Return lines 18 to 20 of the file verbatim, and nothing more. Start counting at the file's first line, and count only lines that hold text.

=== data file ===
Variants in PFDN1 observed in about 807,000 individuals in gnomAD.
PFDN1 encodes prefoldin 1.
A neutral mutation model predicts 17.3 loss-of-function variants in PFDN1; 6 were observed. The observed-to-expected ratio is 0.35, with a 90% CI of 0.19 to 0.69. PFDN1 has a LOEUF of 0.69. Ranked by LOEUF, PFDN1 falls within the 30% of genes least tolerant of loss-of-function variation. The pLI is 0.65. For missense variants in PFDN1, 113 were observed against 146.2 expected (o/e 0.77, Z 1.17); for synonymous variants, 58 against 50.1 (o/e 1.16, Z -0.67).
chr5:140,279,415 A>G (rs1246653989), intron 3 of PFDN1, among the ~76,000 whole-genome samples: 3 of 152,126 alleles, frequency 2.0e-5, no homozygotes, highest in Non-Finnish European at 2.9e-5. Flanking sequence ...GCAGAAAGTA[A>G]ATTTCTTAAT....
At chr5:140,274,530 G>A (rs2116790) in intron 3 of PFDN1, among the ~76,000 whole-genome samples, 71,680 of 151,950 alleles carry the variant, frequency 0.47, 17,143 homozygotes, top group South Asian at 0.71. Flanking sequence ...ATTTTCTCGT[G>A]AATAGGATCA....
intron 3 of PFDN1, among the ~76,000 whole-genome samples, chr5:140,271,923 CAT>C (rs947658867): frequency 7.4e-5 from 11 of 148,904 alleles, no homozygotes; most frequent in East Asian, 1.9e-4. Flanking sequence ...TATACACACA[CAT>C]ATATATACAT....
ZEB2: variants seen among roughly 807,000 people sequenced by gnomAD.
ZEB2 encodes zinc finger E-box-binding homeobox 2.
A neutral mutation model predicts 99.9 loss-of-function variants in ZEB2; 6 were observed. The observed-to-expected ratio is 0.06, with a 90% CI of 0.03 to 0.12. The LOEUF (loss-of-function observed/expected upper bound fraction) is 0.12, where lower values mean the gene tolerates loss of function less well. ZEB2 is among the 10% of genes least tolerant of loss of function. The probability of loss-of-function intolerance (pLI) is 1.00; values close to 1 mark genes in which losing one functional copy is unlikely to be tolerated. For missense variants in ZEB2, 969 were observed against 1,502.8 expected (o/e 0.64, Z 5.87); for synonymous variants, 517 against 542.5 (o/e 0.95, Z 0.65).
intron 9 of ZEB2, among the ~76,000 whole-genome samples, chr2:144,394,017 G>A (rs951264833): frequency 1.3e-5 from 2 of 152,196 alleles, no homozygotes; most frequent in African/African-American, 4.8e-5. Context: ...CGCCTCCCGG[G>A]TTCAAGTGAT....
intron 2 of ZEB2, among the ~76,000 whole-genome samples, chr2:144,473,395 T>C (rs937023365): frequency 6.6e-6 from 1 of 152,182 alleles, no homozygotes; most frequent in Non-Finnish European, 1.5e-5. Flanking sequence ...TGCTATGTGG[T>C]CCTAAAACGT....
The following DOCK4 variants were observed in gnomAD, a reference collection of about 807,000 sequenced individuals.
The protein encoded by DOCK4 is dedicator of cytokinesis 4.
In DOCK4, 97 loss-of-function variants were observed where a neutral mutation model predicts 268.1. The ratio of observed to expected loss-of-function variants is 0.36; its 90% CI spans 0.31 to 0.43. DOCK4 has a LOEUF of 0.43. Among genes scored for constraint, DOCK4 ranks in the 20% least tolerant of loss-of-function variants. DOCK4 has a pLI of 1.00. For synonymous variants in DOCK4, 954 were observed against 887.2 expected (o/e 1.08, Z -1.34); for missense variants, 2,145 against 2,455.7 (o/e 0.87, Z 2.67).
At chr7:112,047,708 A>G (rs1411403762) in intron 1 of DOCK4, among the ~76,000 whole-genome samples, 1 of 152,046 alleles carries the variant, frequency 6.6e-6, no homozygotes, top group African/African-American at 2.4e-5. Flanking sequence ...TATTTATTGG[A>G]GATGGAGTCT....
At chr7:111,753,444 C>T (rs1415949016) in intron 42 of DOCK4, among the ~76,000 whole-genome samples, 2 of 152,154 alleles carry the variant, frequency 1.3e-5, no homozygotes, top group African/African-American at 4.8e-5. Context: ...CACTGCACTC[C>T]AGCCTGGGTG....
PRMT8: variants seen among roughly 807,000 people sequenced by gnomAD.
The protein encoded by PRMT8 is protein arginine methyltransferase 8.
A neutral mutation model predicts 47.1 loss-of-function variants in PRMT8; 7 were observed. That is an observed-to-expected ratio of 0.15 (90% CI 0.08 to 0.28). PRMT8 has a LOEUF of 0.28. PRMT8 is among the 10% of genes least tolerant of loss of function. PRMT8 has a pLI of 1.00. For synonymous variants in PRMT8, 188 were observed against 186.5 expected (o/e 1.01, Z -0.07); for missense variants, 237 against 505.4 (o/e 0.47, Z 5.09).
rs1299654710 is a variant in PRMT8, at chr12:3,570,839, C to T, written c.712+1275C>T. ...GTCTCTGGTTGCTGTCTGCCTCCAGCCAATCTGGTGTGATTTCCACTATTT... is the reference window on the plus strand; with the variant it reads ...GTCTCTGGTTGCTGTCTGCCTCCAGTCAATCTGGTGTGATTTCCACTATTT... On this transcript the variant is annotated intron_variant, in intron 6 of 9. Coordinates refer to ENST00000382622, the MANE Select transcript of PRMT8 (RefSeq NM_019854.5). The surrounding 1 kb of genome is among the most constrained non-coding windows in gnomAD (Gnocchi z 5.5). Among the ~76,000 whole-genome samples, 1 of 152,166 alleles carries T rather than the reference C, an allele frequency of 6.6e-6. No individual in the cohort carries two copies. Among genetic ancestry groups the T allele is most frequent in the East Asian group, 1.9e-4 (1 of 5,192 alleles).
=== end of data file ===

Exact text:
The protein encoded by PRMT8 is protein arginine methyltransferase 8.
A neutral mutation model predicts 47.1 loss-of-function variants in PRMT8; 7 were observed. That is an observed-to-expected ratio of 0.15 (90% CI 0.08 to 0.28). PRMT8 has a LOEUF of 0.28. PRMT8 is among the 10% of genes least tolerant of loss of function. PRMT8 has a pLI of 1.00. For synonymous variants in PRMT8, 188 were observed against 186.5 expected (o/e 1.01, Z -0.07); for missense variants, 237 against 505.4 (o/e 0.47, Z 5.09).
rs1299654710 is a variant in PRMT8, at chr12:3,570,839, C to T, written c.712+1275C>T. ...GTCTCTGGTTGCTGTCTGCCTCCAGCCAATCTGGTGTGATTTCCACTATTT... is the reference window on the plus strand; with the variant it reads ...GTCTCTGGTTGCTGTCTGCCTCCAGTCAATCTGGTGTGATTTCCACTATTT... On this transcript the variant is annotated intron_variant, in intron 6 of 9. Coordinates refer to ENST00000382622, the MANE Select transcript of PRMT8 (RefSeq NM_019854.5). The surrounding 1 kb of genome is among the most constrained non-coding windows in gnomAD (Gnocchi z 5.5). Among the ~76,000 whole-genome samples, 1 of 152,166 alleles carries T rather than the reference C, an allele frequency of 6.6e-6. No individual in the cohort carries two copies. Among genetic ancestry groups the T allele is most frequent in the East Asian group, 1.9e-4 (1 of 5,192 alleles).